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Prime Minister Scott Morrison speaks during a press conference at Australia's Parliament House in Canberra on March 22, 2020. Photo: David Gray/AFP

COVID-19: royal commission suspended, new restrictions

The Royal Commission into Aged Care Quality and Safety has suspended all hearings and workshops due to the spread of COVID-19.

In a statement, the royal commission said the decision would affect all hearings, workshops and group consultations until at least the end of May 2020.

The commissioners said they were considering the implications of this decision on the schedule and added the future work program would be informed by public health advice.

They added: “Meaningful engagement with the sector is paramount to the work of the royal commission’s inquiry into aged care quality and safety, which is why we have decided to suspend all hearings and workshops. We must allow service providers and Government to focus fully on their response to the pandemic.”

They also recognised that substantial efforts are being made by aged care service providers and health services, and their staff, to support the needs of older people during coronavirus crisis.​​​

The announcement came just days before Prime Minister Scott Morrison announced tighter restrictions to slow the spread of virus.

From midday today, all pubs, clubs, gyms, indoors sporting venues, cinemas, casinos and entertainment venues will be closed. Restaurants and cafes will be restricted to takeaway or home delivery.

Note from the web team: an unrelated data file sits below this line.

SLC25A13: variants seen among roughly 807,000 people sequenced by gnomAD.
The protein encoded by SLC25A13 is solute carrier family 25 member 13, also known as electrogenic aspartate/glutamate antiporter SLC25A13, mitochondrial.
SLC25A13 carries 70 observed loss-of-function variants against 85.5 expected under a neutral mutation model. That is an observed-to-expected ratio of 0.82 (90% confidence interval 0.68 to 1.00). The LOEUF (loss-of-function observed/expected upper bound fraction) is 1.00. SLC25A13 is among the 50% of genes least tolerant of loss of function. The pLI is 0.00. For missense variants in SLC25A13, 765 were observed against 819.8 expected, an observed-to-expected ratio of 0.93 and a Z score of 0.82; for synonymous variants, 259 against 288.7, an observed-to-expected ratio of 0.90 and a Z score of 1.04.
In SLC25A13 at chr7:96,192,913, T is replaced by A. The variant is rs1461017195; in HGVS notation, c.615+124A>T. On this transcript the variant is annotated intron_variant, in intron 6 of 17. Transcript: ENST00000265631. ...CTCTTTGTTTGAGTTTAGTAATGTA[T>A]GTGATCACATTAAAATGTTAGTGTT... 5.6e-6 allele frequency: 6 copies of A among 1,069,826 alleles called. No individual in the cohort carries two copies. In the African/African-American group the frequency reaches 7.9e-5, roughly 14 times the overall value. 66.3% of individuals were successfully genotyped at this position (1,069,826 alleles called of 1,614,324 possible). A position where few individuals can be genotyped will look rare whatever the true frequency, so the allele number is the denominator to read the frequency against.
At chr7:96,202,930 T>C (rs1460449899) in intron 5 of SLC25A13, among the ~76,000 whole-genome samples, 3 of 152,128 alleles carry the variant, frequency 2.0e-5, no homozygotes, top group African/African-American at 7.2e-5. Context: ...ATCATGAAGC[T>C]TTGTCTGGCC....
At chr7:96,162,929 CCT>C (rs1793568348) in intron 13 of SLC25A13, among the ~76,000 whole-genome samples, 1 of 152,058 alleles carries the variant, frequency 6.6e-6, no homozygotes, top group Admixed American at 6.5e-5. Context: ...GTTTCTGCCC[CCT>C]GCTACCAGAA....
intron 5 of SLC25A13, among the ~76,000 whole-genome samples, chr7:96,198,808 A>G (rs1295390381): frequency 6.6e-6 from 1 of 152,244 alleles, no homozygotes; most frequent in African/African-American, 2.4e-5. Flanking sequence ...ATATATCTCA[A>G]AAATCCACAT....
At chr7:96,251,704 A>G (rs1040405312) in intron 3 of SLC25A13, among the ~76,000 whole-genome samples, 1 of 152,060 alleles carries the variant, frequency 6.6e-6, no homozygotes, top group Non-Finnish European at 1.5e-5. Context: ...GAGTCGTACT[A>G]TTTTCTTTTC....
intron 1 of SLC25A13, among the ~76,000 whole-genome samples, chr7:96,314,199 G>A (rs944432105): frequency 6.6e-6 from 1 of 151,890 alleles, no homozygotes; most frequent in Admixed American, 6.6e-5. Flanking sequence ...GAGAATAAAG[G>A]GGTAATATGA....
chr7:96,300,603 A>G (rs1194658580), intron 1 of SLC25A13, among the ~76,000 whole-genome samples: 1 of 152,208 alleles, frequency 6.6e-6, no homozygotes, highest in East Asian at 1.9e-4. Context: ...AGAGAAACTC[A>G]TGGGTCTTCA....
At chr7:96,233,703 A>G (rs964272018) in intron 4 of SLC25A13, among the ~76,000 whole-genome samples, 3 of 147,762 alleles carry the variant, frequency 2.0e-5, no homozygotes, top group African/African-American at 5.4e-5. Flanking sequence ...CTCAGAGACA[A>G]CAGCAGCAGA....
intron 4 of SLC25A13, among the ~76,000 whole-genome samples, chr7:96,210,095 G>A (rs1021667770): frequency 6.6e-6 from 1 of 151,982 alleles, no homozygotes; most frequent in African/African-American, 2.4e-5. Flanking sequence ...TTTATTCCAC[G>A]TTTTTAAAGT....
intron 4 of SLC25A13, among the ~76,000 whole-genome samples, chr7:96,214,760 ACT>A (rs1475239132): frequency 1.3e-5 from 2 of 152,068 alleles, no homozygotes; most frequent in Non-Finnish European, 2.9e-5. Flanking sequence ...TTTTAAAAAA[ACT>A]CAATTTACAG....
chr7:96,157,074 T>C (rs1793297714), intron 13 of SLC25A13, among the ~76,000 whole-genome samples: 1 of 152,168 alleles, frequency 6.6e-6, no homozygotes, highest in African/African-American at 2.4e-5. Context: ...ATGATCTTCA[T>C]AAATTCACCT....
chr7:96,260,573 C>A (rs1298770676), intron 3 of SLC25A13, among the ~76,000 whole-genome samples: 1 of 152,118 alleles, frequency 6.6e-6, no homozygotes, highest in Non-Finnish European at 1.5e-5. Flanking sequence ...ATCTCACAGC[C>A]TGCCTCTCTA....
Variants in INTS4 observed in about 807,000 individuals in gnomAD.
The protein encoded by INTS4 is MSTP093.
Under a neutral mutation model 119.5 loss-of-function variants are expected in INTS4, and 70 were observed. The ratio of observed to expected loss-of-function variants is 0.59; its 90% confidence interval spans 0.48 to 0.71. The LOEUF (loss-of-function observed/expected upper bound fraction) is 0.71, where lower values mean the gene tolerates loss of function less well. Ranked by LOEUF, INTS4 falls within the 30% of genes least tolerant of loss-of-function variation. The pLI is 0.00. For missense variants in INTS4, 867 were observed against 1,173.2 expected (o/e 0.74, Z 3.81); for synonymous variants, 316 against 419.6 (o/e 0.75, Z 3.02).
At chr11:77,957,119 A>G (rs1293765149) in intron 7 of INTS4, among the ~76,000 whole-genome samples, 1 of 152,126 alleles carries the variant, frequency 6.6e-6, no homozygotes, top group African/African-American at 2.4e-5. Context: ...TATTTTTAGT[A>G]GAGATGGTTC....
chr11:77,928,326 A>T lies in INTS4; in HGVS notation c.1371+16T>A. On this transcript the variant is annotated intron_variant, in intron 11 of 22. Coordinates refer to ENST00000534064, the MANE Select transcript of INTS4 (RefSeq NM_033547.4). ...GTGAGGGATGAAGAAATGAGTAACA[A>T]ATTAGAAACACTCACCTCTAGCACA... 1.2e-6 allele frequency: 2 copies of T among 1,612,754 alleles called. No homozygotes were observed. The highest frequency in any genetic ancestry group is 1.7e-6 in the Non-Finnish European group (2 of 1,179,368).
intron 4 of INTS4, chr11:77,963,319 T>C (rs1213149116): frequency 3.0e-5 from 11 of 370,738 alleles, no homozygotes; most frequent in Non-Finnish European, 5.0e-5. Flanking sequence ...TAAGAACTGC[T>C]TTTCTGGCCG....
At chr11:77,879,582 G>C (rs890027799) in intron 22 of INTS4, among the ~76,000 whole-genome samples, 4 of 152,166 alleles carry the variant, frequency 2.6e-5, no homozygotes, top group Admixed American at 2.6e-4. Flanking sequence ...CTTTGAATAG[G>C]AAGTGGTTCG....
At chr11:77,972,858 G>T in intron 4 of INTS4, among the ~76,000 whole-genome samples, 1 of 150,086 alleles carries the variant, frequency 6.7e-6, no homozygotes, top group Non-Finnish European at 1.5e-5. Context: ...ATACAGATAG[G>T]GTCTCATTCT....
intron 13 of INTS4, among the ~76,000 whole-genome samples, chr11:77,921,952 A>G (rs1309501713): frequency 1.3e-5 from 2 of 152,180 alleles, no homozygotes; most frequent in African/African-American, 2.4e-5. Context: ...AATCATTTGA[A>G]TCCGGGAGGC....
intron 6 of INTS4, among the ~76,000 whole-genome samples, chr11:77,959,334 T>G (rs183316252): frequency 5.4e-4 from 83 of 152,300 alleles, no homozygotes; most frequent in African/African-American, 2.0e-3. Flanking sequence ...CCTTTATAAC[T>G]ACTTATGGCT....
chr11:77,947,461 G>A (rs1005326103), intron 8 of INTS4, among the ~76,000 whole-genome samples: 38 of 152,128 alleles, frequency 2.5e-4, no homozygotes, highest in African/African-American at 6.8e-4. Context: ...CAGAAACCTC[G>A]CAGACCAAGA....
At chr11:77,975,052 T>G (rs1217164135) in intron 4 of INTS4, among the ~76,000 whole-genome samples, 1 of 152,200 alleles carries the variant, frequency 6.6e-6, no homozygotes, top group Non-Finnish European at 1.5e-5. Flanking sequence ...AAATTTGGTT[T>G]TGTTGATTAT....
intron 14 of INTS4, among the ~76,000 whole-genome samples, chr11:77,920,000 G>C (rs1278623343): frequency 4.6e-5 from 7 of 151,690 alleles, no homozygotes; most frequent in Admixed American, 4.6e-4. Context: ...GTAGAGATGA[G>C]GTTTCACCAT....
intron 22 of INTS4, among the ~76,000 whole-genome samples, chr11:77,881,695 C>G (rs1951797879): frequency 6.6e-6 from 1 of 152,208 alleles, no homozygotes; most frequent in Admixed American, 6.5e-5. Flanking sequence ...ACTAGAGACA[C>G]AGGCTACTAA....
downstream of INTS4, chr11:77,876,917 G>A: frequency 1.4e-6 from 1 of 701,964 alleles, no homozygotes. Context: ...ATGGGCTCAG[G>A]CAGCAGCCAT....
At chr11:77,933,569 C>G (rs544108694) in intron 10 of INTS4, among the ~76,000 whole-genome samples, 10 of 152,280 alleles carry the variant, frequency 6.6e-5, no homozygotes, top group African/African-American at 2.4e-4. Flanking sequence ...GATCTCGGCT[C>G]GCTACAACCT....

The government expects the measures to remain in place for at least 6 months.

Schools will remain open across most of Australia, with the exception of Victoria, which has moved forward its Easter break. Parents in NSW are being encouraged to keep their children at home.

In a statement, Morrison thanked members of the public who were adhering to social distancing measures but again scolded those who were ignoring advice.

“Leaders expressed their disappointment at some members of the community who are disregarding social distancing measures and, by doing so, putting the lives of older and vulnerable Australians at risk,” he said.

“If we want to slow the spread, everyone must implement appropriate social distancing in accordance with state and territory laws.”

He added that premiers and chief ministers will consider further restrictions if social distancing measures are not adhered to.

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